Mairi: And what a story it is too! As we explored each environment in a larger group of around 12-20 people, the story of the Gunpowder Plot diverged a little from what I had expected, with brilliant consequences. We won’t go too much into the actual tale since there’s an element of choose-your-own adventure and some delightful moments of surprise, but we really enjoyed the story aspect of the experience. Characters flitted in and out of the experience and much later we’d be reunited by characters we thought we’d abandoned earlier.
…The 5th of November
Georgie: Throughout the experience the low lighting, small spaces and eerie soundtrack keep the sense of atmosphere and immersion. The actors did a great job of flawlessly handing over the narrative to subsequent characters, keeping the story moving and never leaving us alone for too long. The story was really engaging and fascinating as it developed, and they did a fantastic job of showing both sides of the story (and their rationale). The location itself is huge, with seemingly endless corridors and vaults to move through, with authentic sets and surprises round every corner.
Mairi: If the experience sounds large, I’d add that it is well paced! With a bar at the start, the end, and one right in the middle, the whole experience is broken up into ‘bitesized’ chunks. In particular, I loved the middle ‘rest’ area, a much needed break. Players were sorted into various tables made up of your own friends and family, and total strangers. We quickly realised there was no such thing as a stranger in this experience however, as we all jumped right into conversation, speculating about what would happen next and what had already been. With a plot this thick with backstabbing an intrigue, there’s a lot to mull over a pint (or two, if you have the time).
The Past meets The Future
Georgie: One of the features that sets this experience aside from others is the use of Virtual Reality (VR) technology. At 3 separate points we were asked to put on a VR headset to experience a facet of the story which would be hard to create otherwise, removing the headset to find the room somehow transformed or a new actor appeared. I have previously felt motion sick when using VR, but fortunately didn’t feel anything like that here, so I was able to full enjoy the experience.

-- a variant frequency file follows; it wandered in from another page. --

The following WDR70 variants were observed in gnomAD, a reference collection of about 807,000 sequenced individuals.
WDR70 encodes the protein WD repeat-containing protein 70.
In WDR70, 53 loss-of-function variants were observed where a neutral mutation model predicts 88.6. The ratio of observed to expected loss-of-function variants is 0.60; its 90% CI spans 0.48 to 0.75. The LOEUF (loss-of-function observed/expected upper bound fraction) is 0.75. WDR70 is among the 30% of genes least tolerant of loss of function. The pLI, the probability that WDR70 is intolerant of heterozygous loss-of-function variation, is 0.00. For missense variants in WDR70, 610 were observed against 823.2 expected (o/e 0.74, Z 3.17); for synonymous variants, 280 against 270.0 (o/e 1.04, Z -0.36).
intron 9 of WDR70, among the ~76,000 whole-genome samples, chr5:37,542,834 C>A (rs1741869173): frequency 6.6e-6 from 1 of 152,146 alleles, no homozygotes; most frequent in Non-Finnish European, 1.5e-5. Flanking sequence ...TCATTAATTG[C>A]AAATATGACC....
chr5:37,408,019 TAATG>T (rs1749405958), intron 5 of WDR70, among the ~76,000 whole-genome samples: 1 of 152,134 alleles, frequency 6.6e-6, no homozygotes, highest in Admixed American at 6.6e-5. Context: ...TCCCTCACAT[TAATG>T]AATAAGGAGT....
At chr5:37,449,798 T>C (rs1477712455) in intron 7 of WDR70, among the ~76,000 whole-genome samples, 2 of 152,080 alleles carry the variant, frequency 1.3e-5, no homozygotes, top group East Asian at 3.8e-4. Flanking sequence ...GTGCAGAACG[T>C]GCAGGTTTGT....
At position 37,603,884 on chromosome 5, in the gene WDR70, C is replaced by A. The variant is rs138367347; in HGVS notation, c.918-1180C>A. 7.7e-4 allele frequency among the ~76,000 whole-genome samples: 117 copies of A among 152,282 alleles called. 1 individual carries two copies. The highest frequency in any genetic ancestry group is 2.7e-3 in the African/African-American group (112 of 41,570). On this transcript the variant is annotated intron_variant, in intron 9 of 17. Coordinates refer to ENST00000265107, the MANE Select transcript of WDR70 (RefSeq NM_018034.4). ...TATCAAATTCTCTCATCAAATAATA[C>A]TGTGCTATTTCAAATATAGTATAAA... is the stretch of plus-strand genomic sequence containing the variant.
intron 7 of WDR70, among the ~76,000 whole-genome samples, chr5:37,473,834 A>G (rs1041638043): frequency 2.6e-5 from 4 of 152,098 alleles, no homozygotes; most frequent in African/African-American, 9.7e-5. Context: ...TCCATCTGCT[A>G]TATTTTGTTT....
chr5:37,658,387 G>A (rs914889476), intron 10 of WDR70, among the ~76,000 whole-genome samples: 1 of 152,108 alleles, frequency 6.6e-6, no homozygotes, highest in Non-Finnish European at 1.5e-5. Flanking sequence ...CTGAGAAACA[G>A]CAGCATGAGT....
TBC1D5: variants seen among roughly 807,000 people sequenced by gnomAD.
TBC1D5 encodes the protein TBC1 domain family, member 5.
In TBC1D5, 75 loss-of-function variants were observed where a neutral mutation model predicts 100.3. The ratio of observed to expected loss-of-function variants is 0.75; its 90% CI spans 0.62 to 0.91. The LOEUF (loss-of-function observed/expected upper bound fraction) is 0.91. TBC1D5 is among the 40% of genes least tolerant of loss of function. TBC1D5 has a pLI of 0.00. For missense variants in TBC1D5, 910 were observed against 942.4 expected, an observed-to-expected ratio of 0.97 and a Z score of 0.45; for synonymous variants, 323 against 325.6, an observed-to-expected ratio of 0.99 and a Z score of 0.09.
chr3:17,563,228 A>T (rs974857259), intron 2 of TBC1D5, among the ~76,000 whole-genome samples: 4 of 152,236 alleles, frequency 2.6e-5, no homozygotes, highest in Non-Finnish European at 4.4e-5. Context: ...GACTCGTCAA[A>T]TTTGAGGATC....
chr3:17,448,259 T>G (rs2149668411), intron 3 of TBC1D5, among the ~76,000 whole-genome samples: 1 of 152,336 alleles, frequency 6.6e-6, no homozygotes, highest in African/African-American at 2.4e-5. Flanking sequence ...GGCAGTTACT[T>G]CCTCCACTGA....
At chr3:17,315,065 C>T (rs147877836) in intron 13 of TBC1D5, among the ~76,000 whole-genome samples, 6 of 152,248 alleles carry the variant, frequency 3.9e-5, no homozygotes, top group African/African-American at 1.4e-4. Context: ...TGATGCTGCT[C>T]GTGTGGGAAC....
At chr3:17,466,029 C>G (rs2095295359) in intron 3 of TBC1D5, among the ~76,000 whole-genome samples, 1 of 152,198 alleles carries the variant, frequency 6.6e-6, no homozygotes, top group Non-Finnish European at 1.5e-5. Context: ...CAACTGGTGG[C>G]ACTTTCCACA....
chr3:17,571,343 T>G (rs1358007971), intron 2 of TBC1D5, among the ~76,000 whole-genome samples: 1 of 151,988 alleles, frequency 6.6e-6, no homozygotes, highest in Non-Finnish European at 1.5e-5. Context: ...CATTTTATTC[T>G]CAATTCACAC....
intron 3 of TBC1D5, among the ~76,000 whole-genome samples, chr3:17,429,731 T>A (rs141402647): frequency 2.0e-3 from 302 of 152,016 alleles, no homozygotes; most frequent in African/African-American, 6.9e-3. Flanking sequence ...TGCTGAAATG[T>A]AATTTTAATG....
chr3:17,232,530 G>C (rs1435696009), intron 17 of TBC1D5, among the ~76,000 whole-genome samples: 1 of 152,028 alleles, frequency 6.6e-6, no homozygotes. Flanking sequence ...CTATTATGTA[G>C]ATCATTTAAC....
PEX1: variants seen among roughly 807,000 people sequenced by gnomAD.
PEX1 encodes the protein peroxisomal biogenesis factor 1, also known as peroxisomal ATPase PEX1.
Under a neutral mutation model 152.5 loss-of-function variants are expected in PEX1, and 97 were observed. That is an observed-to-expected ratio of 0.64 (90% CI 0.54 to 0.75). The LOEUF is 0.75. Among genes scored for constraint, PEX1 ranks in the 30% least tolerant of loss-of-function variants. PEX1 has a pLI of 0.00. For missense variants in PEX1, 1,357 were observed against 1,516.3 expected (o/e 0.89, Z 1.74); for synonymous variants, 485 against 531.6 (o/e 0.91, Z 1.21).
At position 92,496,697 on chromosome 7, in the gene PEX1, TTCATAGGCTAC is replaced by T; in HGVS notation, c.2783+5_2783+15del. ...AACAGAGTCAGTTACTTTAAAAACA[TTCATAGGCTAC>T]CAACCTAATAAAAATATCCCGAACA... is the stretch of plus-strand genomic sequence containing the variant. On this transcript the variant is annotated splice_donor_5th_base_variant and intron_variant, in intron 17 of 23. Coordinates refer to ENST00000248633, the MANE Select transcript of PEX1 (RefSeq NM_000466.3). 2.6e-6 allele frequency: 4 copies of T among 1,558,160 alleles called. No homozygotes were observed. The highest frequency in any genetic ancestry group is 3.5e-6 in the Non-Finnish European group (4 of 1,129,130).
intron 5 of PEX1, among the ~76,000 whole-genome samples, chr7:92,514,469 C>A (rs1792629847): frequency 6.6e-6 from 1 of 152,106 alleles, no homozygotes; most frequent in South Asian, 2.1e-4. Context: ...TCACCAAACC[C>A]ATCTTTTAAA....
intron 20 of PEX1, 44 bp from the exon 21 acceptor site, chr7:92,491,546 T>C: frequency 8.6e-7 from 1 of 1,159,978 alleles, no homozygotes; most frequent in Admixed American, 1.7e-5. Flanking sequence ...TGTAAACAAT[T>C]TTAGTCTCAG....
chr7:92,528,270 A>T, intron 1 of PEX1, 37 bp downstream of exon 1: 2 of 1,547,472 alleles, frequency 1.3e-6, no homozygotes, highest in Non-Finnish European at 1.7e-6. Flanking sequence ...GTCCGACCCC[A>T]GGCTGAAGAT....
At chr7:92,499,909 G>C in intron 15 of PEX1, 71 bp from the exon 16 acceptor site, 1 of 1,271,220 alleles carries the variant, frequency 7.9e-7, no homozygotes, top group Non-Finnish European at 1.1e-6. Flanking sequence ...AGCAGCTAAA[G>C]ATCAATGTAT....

The first two Virtual Reality segments are accompanied by a moving element, and again there were no fake scares, just excitement. The final experience allowed us to free roam a little more, although this wasn’t made clear so anyone not familiar with VR may not have known to do this. The VTs also featured an amazing performance by Tom Felton, who has proved what an incredible actor he was. In reality, and in the virtual space!
Mairi: Agree! Virtual Reality is something Layered Reality does really well! Unlike War of the Worlds Immersive however, I found there to be slightly more VR. Where Layered Reality’s first experience often creates more physical sets, like slides, or moments where you have to jump, due to the physical limitations of it’s location, Gunpowder Plot leans more into the VR. No bad thing – just a consideration! If any player struggles with VR, they can bypass these sections quite easily.
Finishing the Tale
Georgie: Just to jump back to the story, we’re going to attempt to talk about the ending without giving away too many spoilers, although given this story is over 400 years old I think you probably know what happens. The final room features the peak of the drama, followed by the final dramatic VR. From here we were guided to the exit, with a really excellent video explaining the factual and fictional aspects of the experience. I really enjoyed this little wrap up, and nod to the story.
Again, they did a great job of highlighting the contrasting moralities and beliefs at play, whilst mainting the elements of mystery we still don’t know about. There is a classic photo opportunity too, although this will cost you a little extra.
Mairi: One thing players may not be expecting however is that you are given a choice at one point in the game. I’m unsure how much this choice actually affects the ending – probably not at all since, well, we all know what happens. But convincing the rest of your team to make the ‘right’ choice will certainly ease your conscience, so you can emerge back into real life afterwards knowing that you did all you could.